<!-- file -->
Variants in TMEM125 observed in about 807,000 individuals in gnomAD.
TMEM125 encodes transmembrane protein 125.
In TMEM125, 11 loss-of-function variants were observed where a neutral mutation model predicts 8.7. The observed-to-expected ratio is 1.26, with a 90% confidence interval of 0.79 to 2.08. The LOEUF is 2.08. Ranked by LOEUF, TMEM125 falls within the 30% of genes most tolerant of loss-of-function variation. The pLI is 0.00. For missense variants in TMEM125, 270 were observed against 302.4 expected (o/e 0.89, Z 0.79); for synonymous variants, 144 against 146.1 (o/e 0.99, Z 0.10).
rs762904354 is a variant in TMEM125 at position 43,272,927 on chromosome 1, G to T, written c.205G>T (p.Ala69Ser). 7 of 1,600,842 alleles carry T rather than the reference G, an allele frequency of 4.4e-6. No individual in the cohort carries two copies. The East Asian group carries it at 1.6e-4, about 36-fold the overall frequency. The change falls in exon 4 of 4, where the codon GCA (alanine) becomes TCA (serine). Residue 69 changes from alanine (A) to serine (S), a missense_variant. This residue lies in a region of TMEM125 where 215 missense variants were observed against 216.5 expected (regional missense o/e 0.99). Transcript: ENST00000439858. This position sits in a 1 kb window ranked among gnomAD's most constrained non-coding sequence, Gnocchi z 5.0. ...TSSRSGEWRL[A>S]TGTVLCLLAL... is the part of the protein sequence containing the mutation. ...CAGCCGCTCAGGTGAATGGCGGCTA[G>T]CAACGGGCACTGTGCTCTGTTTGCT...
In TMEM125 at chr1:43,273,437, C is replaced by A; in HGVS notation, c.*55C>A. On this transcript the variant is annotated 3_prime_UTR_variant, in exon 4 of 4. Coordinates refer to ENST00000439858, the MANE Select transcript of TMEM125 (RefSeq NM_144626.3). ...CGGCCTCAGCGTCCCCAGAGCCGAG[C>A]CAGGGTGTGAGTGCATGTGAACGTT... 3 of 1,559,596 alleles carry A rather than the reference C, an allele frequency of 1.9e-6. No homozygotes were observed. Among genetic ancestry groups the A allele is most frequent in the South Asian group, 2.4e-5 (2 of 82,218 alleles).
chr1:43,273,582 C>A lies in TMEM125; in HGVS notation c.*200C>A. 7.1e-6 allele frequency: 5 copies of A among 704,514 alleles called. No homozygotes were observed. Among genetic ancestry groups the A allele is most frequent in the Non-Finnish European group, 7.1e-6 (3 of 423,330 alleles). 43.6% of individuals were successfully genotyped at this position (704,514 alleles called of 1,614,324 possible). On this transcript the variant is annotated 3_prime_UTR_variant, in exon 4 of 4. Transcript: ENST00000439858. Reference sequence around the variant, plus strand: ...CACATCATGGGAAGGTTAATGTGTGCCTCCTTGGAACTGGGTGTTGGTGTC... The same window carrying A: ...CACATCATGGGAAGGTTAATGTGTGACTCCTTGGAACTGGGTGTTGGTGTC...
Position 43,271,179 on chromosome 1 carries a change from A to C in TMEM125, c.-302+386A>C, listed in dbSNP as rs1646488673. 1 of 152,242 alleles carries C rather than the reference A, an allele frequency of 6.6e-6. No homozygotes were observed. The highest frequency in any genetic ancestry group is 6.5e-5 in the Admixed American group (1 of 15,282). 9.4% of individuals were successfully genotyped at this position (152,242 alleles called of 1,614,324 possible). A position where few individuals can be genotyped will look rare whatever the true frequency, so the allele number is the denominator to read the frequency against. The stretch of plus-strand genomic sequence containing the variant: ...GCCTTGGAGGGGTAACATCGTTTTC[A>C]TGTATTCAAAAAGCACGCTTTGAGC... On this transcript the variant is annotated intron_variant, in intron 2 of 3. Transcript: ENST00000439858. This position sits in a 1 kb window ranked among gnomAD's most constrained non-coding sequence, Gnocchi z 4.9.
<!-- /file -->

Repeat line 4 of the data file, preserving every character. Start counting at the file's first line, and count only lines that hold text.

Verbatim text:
rs762904354 is a variant in TMEM125 at position 43,272,927 on chromosome 1, G to T, written c.205G>T (p.Ala69Ser). 7 of 1,600,842 alleles carry T rather than the reference G, an allele frequency of 4.4e-6. No individual in the cohort carries two copies. The East Asian group carries it at 1.6e-4, about 36-fold the overall frequency. The change falls in exon 4 of 4, where the codon GCA (alanine) becomes TCA (serine). Residue 69 changes from alanine (A) to serine (S), a missense_variant. This residue lies in a region of TMEM125 where 215 missense variants were observed against 216.5 expected (regional missense o/e 0.99). Transcript: ENST00000439858. This position sits in a 1 kb window ranked among gnomAD's most constrained non-coding sequence, Gnocchi z 5.0. ...TSSRSGEWRL[A>S]TGTVLCLLAL... is the part of the protein sequence containing the mutation. ...CAGCCGCTCAGGTGAATGGCGGCTA[G>T]CAACGGGCACTGTGCTCTGTTTGCT...